Interspecific and interannual variation in the duration of spring phenophases in a northern mixed forest

Alison Donnelly, Rong Yu, Amelia Caffarra, Jonathan Hanes, Liang Liang, Ankur R. Desai, Lingling Liu, Mark D. Schwartz

Research output: Contribution to journalArticlepeer-review

27 Scopus citations


A wide range of intra- and interspecific variation occurs in spring leaf phenology as a result of biotic factors such as, life strategy, ecological niche and genetic adaptation, and abiotic factors such as environmental condition. Whereas knowing when the start of bud-burst occurs is necessary for determining the beginning of the growing season, and the subsequent start of carbon uptake, the duration of phenophases is equally important (to estimate the rate of carbon uptake, for example), but rarely reported. Here, we investigate variation in the timing and duration of 3 key phenophase categories (bud-open, leaf-out, full-leaf unfolded) from a range of 8 broadleaf and 2 conifer species in a mixed forest in northern Wisconsin, USA over a 5-year period. As expected, the start of each phenophase category varied across species and years and an earlier start to one phenophase did not necessarily result in an earlier start to subsequent phenophases nor did it mean a faster or slower progression. Ecological niche was not always a useful predictor of the timing or duration of the spring phenology season. The spring phenology season from bud-burst to full leaf open for the entire forest community took an average of 13 days ranging from 12 to 18 days across species. Bud-open and leaf-out lasted an average of 4 days whereas, full-leaf unfolding lasted 5 and again there were variations among species. Full leaf unfolded for A. incana lasted significantly (p < 0.001) longer than other species. Variation in the duration of the spring phenology season among years closely tracked local seasonal air-temperature based on growing degree hours (GDH). These results could be used to help determine the relationship between phenology and the potential for carbon storage in early spring in a mixed forest and highlight the value of direct field observation data at species level, the detail of which cannot, at present, be captured by satellite remote sensing.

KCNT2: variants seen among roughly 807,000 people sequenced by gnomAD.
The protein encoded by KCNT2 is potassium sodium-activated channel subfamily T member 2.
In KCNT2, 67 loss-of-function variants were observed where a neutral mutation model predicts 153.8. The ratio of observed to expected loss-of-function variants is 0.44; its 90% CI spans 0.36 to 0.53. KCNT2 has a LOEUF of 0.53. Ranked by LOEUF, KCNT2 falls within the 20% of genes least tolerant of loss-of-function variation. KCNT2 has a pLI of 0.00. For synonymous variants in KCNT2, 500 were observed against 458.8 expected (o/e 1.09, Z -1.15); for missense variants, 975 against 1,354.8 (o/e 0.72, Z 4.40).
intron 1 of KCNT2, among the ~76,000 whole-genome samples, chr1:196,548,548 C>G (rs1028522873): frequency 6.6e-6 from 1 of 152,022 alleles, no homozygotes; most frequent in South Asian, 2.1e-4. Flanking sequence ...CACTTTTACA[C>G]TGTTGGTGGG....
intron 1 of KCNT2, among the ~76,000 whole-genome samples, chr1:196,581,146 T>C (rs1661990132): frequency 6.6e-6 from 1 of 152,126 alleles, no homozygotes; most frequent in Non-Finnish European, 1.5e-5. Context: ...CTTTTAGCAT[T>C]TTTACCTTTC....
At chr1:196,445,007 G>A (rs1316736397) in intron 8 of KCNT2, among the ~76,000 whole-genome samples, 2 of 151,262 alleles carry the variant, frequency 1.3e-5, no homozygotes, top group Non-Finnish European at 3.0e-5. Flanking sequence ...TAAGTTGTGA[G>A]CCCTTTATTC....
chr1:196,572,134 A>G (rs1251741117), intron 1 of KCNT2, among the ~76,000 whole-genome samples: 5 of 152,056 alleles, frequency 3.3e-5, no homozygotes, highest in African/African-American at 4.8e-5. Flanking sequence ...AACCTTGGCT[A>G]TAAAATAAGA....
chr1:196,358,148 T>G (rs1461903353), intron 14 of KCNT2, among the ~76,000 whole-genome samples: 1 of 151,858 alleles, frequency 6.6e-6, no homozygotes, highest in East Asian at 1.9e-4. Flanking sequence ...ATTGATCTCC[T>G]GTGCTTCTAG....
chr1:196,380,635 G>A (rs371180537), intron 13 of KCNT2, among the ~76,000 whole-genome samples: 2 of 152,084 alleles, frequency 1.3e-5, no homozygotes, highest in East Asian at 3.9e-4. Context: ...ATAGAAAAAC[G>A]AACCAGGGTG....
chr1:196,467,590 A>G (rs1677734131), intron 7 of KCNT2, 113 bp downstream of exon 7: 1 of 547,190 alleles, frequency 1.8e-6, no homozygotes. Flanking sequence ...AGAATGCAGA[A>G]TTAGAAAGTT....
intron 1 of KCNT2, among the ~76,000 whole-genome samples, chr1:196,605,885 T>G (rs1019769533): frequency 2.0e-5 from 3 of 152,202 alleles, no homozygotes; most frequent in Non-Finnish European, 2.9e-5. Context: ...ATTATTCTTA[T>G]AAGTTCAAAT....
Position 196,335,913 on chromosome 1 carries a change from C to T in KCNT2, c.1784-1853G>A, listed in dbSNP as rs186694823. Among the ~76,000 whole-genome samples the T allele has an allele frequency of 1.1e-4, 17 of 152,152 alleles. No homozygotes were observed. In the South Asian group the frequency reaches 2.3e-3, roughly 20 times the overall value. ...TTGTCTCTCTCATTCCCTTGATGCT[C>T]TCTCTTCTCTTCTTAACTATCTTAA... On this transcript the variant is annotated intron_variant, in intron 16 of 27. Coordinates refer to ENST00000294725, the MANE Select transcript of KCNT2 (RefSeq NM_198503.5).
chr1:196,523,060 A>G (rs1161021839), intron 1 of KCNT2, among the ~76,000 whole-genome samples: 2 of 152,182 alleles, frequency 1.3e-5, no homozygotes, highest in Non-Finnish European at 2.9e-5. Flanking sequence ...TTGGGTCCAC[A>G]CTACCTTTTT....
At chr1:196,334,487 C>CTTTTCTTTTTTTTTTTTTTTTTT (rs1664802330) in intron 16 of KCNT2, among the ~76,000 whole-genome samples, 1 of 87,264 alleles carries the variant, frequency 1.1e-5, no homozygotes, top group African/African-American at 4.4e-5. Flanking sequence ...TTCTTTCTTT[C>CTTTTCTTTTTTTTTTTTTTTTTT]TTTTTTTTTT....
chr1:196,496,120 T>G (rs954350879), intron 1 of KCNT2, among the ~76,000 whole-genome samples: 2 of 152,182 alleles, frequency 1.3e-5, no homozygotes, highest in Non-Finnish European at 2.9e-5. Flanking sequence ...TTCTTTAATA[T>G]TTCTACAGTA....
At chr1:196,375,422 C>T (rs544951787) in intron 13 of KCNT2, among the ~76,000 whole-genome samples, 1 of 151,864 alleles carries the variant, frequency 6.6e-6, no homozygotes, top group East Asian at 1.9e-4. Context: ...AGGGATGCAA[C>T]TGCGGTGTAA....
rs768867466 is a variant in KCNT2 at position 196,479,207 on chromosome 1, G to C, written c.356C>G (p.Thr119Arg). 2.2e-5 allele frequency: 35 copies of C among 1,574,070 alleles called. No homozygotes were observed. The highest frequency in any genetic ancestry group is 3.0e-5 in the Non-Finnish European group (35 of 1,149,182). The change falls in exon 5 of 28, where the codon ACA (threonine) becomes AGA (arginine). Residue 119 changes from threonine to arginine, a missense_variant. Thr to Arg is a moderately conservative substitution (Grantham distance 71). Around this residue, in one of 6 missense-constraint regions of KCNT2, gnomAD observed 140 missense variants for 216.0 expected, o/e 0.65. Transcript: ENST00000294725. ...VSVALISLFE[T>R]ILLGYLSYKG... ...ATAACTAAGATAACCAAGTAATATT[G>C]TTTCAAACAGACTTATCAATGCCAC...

Original languageEnglish
Pages (from-to)55-67
Number of pages13
JournalAgricultural and Forest Meteorology
StatePublished - Sep 15 2017

Bibliographical note

Publisher Copyright:
© 2017 Elsevier B.V.


  • Bud-open
  • Coniferous trees
  • Deciduous trees
  • Full leaf unfolded
  • Leaf-out
  • Local temperature
  • Spring phenophase duration

ASJC Scopus subject areas

  • Global and Planetary Change
  • Forestry
  • Agronomy and Crop Science
  • Atmospheric Science


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